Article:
The observations your dentist makes while examining your teeth aren’t just limited to oral hygiene. Certain oral health problems can actually be early signs of increasingly dire conditions that effect your entire body, even conditions you didn’t know you had.
Good oral health is an indicator of good overall health, significantly decreasing your risk for a wide variety of diseases and disorders, ranging from highly-preventable to life-threatening. The following conditions are just a few that your dentist can detect simply by looking inside your mouth:
It is extremely common for people to experience high levels of stress, therefore it’s difficult to determine when that level becomes unsafe. One way to tell that stress is on the verge of impacting your overall health is bruxism, the medical term for teeth grinding. Bruxism is more frequently observed in patients who have trouble sleeping due to stress, anxiety, or sleep disorders like sleep apnea.
Dentists can detect bruxism when they see a healthy tooth that is smaller and more dull than it should be. “The surfaces of the teeth become flat and the teeth get worn down,” Charles Rankin, DDS and professor at Tufts University School of Dental Medicine, told the Huffington Post.
Your dentist might suggest a night guard to prevent bruxism in addition to exercise or even psychological counseling. Stress management is reportedly the most effective method for eliminating the habit for good.
Much like severe stress, acid reflux is so widespread that many sufferers don’t even know they have it. Your dentist, however, might confirm your suspicions of the disorder after noticing erosion of tooth enamel and dentine, which is the soft layer beneath the enamel. Acid reflux causes gastric acid, or stomach bile, to move up your esophagus and erode enamel, particularly in the upper back molars.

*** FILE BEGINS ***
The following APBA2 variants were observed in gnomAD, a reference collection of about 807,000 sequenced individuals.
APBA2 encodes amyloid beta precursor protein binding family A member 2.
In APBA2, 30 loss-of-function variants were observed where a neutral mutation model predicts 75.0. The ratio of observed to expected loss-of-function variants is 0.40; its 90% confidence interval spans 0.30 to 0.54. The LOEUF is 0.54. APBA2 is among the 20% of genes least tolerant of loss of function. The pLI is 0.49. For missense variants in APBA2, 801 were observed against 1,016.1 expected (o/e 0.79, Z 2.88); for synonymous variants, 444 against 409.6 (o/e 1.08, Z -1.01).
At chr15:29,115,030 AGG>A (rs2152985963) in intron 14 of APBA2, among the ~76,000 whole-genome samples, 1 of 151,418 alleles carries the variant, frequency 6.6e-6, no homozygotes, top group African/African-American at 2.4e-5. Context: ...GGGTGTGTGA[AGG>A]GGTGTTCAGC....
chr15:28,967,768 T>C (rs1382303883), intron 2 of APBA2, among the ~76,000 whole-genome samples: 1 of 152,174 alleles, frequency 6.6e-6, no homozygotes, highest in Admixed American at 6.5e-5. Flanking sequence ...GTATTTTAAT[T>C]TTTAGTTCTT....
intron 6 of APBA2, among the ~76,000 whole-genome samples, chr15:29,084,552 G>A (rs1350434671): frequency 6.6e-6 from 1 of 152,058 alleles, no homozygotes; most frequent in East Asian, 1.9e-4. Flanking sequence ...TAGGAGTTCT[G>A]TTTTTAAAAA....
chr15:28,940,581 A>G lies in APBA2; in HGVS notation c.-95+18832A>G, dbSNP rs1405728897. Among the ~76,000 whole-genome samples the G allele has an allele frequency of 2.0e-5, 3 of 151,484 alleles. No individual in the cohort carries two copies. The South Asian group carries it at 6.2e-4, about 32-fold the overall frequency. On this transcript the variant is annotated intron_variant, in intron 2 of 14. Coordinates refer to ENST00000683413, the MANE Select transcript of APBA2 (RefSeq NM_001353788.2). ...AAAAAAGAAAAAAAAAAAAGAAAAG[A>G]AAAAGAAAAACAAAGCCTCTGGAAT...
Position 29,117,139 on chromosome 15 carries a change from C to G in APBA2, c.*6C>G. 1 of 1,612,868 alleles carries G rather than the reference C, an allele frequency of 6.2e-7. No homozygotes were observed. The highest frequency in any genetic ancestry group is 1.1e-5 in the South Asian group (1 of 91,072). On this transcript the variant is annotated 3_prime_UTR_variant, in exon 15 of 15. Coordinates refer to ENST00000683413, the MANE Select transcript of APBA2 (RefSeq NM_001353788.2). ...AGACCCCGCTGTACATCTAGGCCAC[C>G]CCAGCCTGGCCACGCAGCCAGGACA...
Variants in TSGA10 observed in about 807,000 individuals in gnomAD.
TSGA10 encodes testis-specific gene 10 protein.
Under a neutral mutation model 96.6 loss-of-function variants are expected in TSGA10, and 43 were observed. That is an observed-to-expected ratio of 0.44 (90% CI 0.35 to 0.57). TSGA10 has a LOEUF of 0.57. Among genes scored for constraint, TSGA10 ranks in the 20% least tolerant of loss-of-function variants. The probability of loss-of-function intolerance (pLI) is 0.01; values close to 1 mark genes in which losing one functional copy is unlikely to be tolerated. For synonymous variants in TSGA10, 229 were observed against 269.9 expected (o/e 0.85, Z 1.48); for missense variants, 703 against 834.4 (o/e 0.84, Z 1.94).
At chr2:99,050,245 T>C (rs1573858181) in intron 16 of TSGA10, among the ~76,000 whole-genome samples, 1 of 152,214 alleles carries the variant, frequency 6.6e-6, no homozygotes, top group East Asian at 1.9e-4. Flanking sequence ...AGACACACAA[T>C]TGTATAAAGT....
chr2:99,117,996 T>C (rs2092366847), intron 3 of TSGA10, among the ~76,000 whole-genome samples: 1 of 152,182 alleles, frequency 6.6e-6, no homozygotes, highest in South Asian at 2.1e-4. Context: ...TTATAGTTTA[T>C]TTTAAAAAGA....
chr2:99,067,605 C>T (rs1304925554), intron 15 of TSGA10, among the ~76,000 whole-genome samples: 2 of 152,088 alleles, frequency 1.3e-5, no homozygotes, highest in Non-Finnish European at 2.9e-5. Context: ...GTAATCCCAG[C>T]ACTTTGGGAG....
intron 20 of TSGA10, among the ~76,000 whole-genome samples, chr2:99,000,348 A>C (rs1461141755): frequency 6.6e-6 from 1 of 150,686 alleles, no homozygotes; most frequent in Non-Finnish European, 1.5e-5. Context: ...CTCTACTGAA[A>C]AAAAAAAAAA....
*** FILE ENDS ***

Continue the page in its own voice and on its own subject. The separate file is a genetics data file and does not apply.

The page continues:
An excessive amount of saliva could clue your dentist in to acid reflux as well. This symptom involves the same nerves and reflexes as vomiting, since the body is trying to flush out something that is irritating your esophagus.
Your dentist will be one of the first people to notice you are drinking too much. A number of observations could lead to this conclusion, but the most common is the decline of previously good oral hygiene habits. Alcohol inhibits the production of saliva, causing the mouth to dry out. Without saliva, oral bacteria does not get washed away and can therefore result in myriad conditions and oral problems, beginning with cavities.
When a patient who used to possess good oral health suddenly begins to develop high levels of plaque or gum disease, the early stages of alcoholism might be the culprit. Both of these symptoms evolve at a faster pace than usual in patients who increase their alcohol consumption.
A string of oral health problems, such as gum disease, bleeding gums, enamel erosion, or loose teeth, is an indicator of diabetes. “Among people that are unaware of whether they have diabetes or not, poor gum status has been shown to be associated with diabetes,” Panos Papapanou, DDS and professor of dental medicine at Columbia University told the Huffington Post. “This is a pretty critical situation in which a dentist can help to identify undiagnosed diabetes.”
Diabetics are reportedly three times more likely to experience the most severe type of gum disease. Bacterial infections can also worsen other diabetic symptoms and increase the risk of heart disease and stroke. These outcomes can be prevented through regular dental visits, since cleanings stop bacteria from getting under the gums.